Sexual harassment does not refer to purely voluntary and welcome social activities. It refers to behavior that is not welcome by the individual, that is personally offensive to him/her, and that undermines morale and, / or interferes with the ability of the individual to work effectively. While it is not possible to list all the circumstances that may constitute sexual harassment, the following are some examples of conduct which, if unwelcome, may constitute sexual harassment depending upon the totality of the circumstances, including the severity of the conduct and its pervasiveness:
Verbal abuse of a sexual nature use of sexually degrading words jokes or language of a sexual nature.
Conversation or gossip with sexual overtones obscene or suggestive gestures or sounds sexually-oriented teasing.
Inquiries into one’s sexual experiences.
Verbal comments of a sexual nature about an individual’s appearance or sexual terms used to describe an individual discussion of one’s sexual activities.
Jokes or threats directed at a person because of his/her sexual preferences.
Unwelcome and repeated invitations (i.e. for lunch, dinner, drinks, dates, sexual relations) physical contact, such as touching, hugging, kissing, stroking, fondling, patting, pinching, or repeated brushing up against another’s body.
Demands or requests for sexual favors accompanied by implied or overt threats concerning an individual’s employment, status or promises of preferential treatment.
Deliberate bumping, cornering, mauling, grabbing assaults, molestation or coerced sexual acts.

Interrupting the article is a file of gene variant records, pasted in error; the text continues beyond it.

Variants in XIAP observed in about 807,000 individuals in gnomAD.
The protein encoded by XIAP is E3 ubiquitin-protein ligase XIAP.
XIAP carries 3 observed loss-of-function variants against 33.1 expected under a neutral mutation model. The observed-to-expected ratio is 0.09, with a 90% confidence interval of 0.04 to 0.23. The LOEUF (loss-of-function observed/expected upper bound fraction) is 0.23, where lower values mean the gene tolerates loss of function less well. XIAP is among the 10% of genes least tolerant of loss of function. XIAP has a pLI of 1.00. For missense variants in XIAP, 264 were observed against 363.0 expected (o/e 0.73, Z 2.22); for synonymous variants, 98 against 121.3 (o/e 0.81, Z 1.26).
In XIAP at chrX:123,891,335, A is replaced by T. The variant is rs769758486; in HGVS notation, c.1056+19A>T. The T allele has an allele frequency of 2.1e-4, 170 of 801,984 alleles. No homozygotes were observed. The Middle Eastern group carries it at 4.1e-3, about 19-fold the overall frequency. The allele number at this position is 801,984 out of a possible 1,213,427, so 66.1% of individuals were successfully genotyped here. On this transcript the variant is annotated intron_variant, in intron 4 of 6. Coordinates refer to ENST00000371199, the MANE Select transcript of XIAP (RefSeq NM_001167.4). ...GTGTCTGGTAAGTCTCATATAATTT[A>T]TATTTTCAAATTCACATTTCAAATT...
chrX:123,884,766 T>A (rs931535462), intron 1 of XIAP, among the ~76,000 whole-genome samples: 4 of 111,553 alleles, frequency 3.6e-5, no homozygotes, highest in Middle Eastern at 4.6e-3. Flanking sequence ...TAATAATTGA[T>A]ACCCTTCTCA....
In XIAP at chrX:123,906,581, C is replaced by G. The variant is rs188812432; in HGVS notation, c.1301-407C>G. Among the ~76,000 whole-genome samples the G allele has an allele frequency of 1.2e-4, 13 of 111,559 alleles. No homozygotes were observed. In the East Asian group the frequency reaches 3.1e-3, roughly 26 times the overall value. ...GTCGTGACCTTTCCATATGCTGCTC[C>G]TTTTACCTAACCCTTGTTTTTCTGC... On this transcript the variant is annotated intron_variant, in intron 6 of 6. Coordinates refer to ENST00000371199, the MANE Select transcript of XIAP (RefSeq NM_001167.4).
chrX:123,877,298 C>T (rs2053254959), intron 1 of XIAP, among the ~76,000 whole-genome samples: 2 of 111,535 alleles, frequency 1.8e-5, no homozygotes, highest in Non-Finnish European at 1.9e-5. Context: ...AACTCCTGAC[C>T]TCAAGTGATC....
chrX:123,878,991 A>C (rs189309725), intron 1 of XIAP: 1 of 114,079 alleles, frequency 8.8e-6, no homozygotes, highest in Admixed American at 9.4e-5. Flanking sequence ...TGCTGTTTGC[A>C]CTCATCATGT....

Posting or distributing sexually suggestive objects, pictures, cartoons or other materials sexually oriented letters or notes.
Sending offensive or discriminatory messages or materials through the use of electronic communications (i.e. electronic mail, including the Internet mail and facsimile) which contain overt sexual language, sexual implications or innuendo, or that offensively address someone’s sexual orientation.
Staring at parts of a person’s body sexually suggestive gestures, leering condoning sexual harassment
Sexual harassment is not limited to prohibited behavior by a male employee toward a female employee. Sexual harassment can occur in a variety of circumstances. A man, as well as a woman, may be the victim of sexual harassment, and a woman, as well as a man, may be the harasser, the harasser does not have to be the victim’s supervisor. The victim does not have to be the opposite sex from the harasser. The victim does not have to be the person at whom the unwelcome sexual conduct is directed. The victim may be someone who is affected by the harassing conduct! Even when it is directed toward another person, if the conduct creates an intimidating, hostile or offensive working environment for the co-worker, or interferes with the co-worker’s work performance.
Therefore, it is the policy for any individual, male or female, of harassment or to harass another individual sexually by making unwelcome sexual advances, requests for sexual favors or other uninvited verbal or physical conduct of a sexual nature. It is also against the business policy that such conduct is made either implicitly or explicitly a term or condition of an employee’s employment.